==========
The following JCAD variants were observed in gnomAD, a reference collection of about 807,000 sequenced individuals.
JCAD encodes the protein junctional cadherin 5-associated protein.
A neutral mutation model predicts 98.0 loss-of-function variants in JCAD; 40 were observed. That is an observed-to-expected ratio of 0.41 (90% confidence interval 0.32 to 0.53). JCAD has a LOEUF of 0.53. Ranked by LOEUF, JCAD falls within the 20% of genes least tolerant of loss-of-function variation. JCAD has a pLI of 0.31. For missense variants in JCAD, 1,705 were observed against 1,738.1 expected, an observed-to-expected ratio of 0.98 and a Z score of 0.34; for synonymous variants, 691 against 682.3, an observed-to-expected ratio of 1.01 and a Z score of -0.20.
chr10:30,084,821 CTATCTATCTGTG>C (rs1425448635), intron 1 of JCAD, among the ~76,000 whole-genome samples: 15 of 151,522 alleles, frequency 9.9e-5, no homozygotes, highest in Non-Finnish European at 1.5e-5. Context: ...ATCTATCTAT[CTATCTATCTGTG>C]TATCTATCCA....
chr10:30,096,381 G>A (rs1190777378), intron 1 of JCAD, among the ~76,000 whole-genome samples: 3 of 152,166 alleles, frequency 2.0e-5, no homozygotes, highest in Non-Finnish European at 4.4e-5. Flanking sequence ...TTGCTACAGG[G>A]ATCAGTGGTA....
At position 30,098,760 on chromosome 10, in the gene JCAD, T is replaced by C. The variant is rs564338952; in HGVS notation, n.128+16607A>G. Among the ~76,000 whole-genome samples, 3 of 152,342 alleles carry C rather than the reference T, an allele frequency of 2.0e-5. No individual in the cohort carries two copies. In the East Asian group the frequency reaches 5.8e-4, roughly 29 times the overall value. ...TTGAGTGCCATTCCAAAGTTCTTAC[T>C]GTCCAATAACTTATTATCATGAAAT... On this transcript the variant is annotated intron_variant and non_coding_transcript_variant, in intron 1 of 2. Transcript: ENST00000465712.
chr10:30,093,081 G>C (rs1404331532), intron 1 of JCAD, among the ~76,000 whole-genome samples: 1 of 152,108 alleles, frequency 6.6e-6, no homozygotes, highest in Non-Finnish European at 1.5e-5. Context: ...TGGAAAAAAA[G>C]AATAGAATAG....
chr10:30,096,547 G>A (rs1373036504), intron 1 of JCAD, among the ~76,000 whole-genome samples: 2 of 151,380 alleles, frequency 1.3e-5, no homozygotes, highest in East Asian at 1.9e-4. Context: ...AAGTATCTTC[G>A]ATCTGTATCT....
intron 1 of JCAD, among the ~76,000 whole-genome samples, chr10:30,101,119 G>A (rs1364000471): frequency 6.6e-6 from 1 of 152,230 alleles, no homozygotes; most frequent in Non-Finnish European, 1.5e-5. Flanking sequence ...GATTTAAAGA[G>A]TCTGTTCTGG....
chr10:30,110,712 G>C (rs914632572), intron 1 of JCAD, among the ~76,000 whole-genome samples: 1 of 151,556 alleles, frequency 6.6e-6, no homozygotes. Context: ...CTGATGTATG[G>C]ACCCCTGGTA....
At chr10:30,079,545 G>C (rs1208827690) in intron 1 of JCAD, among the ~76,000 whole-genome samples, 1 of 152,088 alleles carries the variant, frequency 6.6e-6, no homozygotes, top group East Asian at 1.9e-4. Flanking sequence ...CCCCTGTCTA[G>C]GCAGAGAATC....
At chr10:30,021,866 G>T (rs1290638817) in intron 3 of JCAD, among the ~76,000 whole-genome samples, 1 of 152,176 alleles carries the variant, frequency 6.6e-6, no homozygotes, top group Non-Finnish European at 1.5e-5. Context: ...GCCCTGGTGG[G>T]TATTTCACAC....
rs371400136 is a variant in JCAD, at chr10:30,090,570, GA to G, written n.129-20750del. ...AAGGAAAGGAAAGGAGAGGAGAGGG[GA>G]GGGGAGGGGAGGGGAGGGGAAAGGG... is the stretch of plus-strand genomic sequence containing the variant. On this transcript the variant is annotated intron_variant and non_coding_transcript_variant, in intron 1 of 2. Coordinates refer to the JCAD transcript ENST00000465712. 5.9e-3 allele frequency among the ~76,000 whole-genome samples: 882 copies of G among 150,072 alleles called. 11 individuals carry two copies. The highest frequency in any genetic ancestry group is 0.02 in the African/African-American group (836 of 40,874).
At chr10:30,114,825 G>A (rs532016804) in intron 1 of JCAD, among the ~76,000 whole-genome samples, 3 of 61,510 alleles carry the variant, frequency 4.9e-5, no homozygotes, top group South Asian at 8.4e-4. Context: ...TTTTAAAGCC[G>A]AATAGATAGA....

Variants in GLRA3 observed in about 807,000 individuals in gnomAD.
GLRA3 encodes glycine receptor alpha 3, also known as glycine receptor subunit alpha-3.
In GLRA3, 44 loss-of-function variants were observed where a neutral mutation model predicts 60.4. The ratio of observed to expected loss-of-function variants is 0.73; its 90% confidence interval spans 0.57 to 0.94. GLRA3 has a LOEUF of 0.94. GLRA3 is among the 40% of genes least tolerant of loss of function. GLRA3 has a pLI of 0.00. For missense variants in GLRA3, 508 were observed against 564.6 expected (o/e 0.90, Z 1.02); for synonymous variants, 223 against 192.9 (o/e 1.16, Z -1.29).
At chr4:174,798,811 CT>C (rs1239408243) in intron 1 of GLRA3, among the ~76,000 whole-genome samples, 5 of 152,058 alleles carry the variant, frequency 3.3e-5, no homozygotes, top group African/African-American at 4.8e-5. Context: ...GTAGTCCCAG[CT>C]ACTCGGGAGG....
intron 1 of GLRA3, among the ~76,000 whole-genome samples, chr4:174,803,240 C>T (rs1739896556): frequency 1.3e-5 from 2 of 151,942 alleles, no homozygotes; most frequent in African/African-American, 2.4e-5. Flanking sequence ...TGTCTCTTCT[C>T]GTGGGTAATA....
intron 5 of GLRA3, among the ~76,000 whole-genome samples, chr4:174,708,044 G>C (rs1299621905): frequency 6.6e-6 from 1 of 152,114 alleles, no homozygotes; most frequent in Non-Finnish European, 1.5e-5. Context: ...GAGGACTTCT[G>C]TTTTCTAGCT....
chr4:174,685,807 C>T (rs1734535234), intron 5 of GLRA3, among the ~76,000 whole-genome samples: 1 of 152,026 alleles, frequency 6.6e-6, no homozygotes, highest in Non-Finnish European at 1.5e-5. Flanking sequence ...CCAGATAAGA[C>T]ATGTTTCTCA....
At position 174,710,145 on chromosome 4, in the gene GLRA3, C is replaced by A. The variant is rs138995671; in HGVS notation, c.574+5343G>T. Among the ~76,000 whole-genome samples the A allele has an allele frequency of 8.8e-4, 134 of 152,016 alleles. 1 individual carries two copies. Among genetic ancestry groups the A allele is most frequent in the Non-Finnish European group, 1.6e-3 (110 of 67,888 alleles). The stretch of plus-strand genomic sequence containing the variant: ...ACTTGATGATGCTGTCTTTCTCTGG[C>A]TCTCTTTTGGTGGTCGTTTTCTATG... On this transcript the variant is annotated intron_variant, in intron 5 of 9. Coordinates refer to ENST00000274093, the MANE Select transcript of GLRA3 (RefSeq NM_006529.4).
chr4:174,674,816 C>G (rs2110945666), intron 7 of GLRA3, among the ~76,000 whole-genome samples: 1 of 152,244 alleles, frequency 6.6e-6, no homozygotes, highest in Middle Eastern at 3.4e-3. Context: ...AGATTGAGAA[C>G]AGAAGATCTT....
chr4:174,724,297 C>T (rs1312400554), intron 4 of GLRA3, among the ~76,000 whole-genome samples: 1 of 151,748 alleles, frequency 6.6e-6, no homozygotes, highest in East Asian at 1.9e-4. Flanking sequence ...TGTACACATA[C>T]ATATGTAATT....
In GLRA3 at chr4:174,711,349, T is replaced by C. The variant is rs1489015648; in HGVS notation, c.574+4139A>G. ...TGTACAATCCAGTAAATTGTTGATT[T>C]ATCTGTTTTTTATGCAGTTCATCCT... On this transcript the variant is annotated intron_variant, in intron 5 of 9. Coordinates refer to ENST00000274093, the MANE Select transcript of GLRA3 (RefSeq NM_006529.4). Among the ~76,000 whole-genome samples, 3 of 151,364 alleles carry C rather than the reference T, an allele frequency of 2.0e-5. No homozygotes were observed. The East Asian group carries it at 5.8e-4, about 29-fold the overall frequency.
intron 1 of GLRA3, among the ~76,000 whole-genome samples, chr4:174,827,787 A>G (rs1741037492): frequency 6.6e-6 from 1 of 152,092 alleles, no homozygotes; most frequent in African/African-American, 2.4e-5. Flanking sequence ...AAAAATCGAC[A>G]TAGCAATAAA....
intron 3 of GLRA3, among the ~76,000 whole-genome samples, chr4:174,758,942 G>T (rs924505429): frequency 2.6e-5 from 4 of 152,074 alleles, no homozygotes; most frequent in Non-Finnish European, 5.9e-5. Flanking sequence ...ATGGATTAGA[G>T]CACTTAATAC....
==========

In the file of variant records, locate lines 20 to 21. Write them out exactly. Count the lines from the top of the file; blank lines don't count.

intron 5 of GLRA3, among the ~76,000 whole-genome samples, chr4:174,708,044 G>C (rs1299621905): frequency 6.6e-6 from 1 of 152,114 alleles, no homozygotes; most frequent in Non-Finnish European, 1.5e-5. Context: ...GAGGACTTCT[G>C]TTTTCTAGCT....
chr4:174,685,807 C>T (rs1734535234), intron 5 of GLRA3, among the ~76,000 whole-genome samples: 1 of 152,026 alleles, frequency 6.6e-6, no homozygotes, highest in Non-Finnish European at 1.5e-5. Flanking sequence ...CCAGATAAGA[C>T]ATGTTTCTCA....